I have done some work on some guanidine-like compounds and was never able to duplicate that annulation (at least with a yield that warranted the route). One problem in particular was the purification. Even with all of those boc protecting groups I am surprised they were able to purify such a polar beast late stage (typically just 10% MeOH in CH2Cl2). How many lives have been shattered by attempting purify late stage intermediates toward the synthesis of palau`amine (Or other natural products too polar for even the likes of Overman)?

  • On this kind of guanidines, people often do C-18 prep HPLC purification with perfluorobutyric acid in the mobile phase, to make the salts greasier (to get any retention on the reverse-phase)

  • Chemist of Sorts says:

    Hey totallysynthetic,
    How about doing a linked index of all the natural products covered on your blog? Also, I highly approve of the batzelladine paper. Well done, Michael!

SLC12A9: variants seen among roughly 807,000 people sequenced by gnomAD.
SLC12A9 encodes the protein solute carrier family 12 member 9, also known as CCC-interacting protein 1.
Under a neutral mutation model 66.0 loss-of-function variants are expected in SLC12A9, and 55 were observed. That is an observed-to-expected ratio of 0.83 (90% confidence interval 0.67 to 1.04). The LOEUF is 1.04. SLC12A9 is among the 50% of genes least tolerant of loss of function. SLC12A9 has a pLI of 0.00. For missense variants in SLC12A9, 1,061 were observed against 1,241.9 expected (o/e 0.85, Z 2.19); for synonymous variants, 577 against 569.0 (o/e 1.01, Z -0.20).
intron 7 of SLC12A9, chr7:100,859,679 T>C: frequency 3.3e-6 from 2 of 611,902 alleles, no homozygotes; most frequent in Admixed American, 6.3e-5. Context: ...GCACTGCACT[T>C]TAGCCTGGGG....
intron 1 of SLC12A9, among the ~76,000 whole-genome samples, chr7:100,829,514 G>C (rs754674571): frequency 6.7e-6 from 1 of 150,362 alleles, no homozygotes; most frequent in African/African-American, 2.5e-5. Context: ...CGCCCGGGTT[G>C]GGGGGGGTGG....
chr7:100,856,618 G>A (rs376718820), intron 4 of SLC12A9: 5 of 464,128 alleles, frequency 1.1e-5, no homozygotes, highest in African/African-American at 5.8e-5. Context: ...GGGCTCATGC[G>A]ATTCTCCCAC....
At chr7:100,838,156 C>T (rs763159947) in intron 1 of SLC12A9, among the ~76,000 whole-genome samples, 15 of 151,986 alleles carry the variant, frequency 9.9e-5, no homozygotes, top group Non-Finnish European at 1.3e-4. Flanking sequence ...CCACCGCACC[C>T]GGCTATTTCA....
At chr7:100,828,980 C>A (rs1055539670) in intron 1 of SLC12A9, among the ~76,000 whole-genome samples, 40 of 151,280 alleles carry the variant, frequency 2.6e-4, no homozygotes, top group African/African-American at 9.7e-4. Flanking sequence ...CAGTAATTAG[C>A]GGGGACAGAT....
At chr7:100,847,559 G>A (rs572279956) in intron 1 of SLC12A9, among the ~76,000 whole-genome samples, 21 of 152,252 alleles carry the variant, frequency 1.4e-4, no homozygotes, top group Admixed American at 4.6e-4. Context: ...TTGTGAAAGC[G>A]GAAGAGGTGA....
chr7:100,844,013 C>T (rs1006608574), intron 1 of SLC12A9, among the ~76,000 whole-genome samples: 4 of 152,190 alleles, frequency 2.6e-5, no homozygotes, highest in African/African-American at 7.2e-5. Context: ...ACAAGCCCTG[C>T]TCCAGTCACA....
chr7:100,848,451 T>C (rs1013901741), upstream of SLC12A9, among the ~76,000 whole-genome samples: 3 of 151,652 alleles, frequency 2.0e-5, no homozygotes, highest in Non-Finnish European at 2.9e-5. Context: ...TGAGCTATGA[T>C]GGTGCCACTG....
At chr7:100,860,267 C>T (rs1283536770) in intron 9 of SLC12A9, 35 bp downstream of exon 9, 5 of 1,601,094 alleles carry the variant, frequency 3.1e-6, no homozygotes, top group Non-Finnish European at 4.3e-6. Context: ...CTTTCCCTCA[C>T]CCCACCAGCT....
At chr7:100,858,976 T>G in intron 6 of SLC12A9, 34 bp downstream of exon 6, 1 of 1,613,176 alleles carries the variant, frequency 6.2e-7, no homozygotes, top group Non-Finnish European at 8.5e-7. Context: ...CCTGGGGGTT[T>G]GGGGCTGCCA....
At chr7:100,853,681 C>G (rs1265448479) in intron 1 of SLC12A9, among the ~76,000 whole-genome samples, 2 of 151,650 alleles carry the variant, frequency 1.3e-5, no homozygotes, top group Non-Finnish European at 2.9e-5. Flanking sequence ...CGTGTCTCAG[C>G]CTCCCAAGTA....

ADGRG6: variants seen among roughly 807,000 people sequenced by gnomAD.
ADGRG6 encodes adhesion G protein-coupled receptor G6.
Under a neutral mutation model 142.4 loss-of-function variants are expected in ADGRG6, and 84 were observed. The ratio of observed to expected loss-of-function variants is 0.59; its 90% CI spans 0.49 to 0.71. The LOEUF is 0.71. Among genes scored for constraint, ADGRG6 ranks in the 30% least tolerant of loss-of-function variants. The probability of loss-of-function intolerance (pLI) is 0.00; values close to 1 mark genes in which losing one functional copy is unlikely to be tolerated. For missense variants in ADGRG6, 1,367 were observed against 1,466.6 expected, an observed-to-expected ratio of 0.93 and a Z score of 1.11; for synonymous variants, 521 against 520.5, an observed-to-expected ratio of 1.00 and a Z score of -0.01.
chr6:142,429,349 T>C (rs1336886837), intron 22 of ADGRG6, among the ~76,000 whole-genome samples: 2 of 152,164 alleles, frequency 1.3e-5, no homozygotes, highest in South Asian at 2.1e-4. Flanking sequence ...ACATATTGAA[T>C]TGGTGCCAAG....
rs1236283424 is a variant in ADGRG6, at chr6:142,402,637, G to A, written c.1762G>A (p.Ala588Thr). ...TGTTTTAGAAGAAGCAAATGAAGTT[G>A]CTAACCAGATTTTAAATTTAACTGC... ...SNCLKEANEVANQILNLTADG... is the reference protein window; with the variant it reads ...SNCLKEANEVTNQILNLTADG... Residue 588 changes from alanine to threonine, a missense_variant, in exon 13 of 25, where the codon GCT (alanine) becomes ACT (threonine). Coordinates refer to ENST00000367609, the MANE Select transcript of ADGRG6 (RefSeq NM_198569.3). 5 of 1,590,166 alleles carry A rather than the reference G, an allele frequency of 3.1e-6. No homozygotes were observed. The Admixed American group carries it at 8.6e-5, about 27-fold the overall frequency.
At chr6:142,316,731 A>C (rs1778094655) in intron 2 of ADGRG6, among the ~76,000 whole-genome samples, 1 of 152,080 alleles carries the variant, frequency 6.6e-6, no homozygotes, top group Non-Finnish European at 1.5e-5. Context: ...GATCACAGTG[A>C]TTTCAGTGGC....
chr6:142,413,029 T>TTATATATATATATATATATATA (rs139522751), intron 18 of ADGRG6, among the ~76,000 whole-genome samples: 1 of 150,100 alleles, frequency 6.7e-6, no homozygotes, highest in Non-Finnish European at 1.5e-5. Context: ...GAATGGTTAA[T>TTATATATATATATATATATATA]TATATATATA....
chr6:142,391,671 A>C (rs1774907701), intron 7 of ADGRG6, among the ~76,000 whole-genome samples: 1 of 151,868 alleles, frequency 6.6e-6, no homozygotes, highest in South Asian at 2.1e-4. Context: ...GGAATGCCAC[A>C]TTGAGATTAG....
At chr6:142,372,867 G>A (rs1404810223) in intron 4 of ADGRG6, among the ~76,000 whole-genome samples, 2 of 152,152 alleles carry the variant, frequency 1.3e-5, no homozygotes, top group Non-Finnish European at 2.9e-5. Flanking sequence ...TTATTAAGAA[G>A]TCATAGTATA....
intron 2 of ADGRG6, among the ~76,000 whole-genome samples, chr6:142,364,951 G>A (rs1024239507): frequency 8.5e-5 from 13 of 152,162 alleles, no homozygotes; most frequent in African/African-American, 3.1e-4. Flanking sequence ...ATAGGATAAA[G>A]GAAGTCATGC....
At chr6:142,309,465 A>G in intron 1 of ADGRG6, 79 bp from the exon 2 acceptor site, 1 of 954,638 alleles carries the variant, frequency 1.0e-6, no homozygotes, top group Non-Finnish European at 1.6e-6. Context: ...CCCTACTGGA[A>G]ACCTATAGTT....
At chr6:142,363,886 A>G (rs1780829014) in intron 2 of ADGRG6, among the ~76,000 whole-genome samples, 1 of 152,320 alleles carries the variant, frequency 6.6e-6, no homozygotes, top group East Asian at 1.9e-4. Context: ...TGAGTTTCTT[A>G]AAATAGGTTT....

• Tot. Syn. says:

    I’ve thought about that… I might do it between columns tomorrow… two days left on my industrial placement – gotta make sure all my samples are clean whilst I’ve still got the power of Companion Chromatography! What do you think – just text links, or with images too?

  • Chemist of Sorts says:

    Images would be nice, but text links would be OK too if the images make the page too difficult to quickly navigate. Maybe reduced size images would work well?